The World Bank Is Rewarding Ethnic Cleansing in Myanmar


Azeem Ibrahim – The Washington Post

A police officer stands guard at a checkpoint in Shwe Zar village in the northern Rakhine state of Myanmar on Sept. 6, 2017. (AP)

30 May 2019 – This month, the World Bank published a proposal for a $100 million development project in Rakhine state, the region of western Myanmar that recently saw the systematic ethnic cleansing of the Rohingya Muslim community. The aim of the project is to fund credit for small businesses in the region and boost economic development.

Aiding local economic development in a conflict-torn region sounds like a good idea on paper. But as many nongovernmental groups involved in the region point out, the World Bank is pushing ahead with its plans even though the humanitarian crisis in Rakhine is not even close to resolution.

About 1 million Rohingya remain in refugee camps over the border in Bangladesh — almost the entire pre-2017 Rohingya population of western Myanmar. The international community has done nothing to hold individuals in the Myanmar state apparatus to account for the ethnic cleansing of the past two years. And the government of Myanmar has done nothing to implement civil and legal protections for Rohingya individuals so that they can return to the country of their birth.

This World Bank funding project also attaches no conditions on Myanmar in order to access this funding. To spell it out: The World Bank is funding a state that has carried out ethnic cleansing in just the past 24 months, with no strings attached.

The armed forces of the federal state of Myanmar and the local police have burned down Rohingya villages and bulldozed Rohingya mosques, and then proceeded to reallocate lands and cattle to local Buddhist-nationalist supporters. And now the World Bank is helping to fund the redevelopment of the region for the benefit of the occupying settlers.

To be sure, $100 million for a development project is not a large amount. But the signal this sends is catastrophic. This project demonstrates that the international community and the institutional order of the West simply do not care about crimes against humanity.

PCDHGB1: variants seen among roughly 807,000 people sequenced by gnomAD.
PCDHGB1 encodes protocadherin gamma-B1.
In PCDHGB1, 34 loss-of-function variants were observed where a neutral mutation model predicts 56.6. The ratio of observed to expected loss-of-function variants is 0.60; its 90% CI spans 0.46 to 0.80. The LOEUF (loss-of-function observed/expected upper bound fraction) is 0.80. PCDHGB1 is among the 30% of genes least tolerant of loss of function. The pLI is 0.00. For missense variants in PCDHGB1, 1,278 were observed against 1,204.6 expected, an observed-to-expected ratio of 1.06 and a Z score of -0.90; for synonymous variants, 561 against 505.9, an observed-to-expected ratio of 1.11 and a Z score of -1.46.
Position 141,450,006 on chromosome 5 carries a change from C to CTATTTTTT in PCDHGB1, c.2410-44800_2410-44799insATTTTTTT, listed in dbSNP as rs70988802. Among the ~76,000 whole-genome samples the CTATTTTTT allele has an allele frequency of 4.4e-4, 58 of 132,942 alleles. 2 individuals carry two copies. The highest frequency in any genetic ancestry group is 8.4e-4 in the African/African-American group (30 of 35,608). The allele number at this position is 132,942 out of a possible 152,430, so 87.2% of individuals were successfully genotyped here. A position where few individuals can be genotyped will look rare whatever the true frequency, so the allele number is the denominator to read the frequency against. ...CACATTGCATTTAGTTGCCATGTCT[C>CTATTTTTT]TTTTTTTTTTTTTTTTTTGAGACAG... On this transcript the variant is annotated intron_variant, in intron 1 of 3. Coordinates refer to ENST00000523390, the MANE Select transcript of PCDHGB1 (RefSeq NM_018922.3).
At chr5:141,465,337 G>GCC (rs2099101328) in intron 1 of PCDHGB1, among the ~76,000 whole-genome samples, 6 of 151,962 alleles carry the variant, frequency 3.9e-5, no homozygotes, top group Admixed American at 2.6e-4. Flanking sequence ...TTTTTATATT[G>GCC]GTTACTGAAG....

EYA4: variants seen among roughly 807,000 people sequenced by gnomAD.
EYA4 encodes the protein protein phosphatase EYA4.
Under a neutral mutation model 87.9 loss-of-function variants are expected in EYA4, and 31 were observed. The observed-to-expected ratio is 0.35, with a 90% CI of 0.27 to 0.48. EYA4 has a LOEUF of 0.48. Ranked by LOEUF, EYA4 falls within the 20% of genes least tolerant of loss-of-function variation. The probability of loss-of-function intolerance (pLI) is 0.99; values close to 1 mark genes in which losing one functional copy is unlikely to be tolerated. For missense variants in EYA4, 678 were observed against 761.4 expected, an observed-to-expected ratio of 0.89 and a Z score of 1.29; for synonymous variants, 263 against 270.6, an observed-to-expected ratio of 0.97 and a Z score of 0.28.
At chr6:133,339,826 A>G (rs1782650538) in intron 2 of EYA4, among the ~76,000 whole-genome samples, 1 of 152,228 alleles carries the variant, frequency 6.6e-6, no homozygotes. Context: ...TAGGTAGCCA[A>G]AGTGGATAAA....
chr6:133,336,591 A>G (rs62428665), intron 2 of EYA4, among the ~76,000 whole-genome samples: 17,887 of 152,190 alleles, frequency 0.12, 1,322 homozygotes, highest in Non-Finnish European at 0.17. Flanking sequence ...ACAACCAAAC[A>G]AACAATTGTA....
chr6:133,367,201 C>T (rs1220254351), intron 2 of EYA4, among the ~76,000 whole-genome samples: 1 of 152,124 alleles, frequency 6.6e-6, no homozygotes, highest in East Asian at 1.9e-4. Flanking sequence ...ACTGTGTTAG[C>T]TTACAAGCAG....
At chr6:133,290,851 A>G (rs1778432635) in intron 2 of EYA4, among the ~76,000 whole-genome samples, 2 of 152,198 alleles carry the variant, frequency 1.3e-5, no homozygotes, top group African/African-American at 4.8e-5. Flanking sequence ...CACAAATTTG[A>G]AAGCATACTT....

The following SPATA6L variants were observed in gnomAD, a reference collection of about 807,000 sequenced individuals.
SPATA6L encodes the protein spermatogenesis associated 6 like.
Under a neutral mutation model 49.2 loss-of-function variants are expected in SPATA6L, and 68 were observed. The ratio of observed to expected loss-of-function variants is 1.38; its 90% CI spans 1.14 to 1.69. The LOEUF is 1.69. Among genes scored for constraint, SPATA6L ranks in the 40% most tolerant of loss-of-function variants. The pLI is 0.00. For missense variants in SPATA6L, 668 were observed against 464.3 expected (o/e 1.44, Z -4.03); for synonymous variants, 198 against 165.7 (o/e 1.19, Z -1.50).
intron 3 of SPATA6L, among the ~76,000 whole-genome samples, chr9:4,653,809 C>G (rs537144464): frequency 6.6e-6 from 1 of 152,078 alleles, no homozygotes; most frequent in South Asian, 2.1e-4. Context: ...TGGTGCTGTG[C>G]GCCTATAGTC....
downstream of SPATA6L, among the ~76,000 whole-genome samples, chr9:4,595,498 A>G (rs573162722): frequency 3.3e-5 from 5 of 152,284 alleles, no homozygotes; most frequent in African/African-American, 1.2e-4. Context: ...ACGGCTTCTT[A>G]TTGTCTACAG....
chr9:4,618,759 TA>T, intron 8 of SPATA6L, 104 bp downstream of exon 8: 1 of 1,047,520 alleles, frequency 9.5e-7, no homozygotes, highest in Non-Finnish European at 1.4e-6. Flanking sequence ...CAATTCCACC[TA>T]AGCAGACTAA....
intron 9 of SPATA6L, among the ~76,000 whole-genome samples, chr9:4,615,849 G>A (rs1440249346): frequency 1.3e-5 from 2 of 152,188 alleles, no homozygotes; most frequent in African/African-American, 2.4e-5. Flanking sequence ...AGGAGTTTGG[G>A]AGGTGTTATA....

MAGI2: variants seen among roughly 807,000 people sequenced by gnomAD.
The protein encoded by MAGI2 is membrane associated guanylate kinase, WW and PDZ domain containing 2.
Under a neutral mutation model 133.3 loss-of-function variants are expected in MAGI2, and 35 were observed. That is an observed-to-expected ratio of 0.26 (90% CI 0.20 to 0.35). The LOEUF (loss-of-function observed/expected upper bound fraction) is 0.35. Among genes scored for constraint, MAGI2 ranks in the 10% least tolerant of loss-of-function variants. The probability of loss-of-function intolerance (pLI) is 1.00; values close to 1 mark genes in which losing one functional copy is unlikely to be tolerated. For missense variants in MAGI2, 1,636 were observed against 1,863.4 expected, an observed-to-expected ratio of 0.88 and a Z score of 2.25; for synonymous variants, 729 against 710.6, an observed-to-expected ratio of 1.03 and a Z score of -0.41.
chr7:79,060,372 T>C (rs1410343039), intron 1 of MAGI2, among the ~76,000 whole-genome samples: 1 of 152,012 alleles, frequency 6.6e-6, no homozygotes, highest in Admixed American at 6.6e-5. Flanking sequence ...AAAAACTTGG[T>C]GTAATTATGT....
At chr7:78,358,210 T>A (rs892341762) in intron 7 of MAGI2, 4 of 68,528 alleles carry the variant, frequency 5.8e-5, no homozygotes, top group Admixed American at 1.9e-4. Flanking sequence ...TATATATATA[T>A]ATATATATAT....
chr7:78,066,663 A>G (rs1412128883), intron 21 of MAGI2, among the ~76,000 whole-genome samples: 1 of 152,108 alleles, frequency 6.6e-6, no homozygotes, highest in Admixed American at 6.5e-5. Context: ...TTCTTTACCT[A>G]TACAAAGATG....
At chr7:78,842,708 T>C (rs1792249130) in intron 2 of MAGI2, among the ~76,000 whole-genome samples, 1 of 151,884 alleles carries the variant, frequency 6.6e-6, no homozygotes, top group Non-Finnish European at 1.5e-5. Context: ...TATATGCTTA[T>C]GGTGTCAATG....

We should be pursuing those who orchestrated the “clearing operations” in international criminal courts. We should be directing much-needed funding to alleviating the conditions of the refugees in the overcrowded and undersupplied camps in Bangladesh. We should be using every avenue to pressure the government of Myanmar to grant full legal status and protections to the Rohingya and enable them to return to the lands of their birth.

Instead, we are rewarding the perpetrators and funding their efforts to appropriate the lands and redevelop them for their own purposes. This sets a dismal precedent for the rest of the West. So far, Western governments and companies have largely distanced themselves the Myanmar authorities and Aung San Suu Kyi, the country’s de facto leader, over the genocide of the Rohingya. But Western commercial interests remain keen on investing in Myanmar, especially because of its rich natural resources. And this unilateral move by the World Bank may act as a starting pistol for a rush of Western companies looking to cut deals and get a foothold in the country’s economy.

This would add insult to injury from the humanitarian point of view. Most of those resources Western companies are so hungry for have long been under the control of the country’s military establishment — the same corrupt elite who have governed Myanmar for decades, who have created a “hostile environment” for the Rohingya since the early days of the country’s military dictatorship, and who instigated and carried out the 2017 “clearing operations.”

Yet there are ways for the World Bank to fix its initiative. It could, for example, make this funding conditional on Myanmar allowing a United Nations fact-finding mission on the ground in Rakhine — something that, though long overdue, is still being blocked by the government. Or the bank’s planners could take steps to ensure that the funding is divided equally between the few Rohingya Muslims who still remain in the region and the ethnic Rakhine Buddhists, while prohibiting its use for the development of Buddhist infrastructure in vacated Rohingya lands.

This project could be used by the international community as leverage to push Myanmar toward a sustainable solution the Rohingya crisis. And it should be used to that end. As things stand, however, we are proposing to reward the perpetrators of crimes against humanity.


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Azeem Ibrahim is a director at the Center for Global Policy and author of The Rohingyas: Inside Myanmar’s Genocide.

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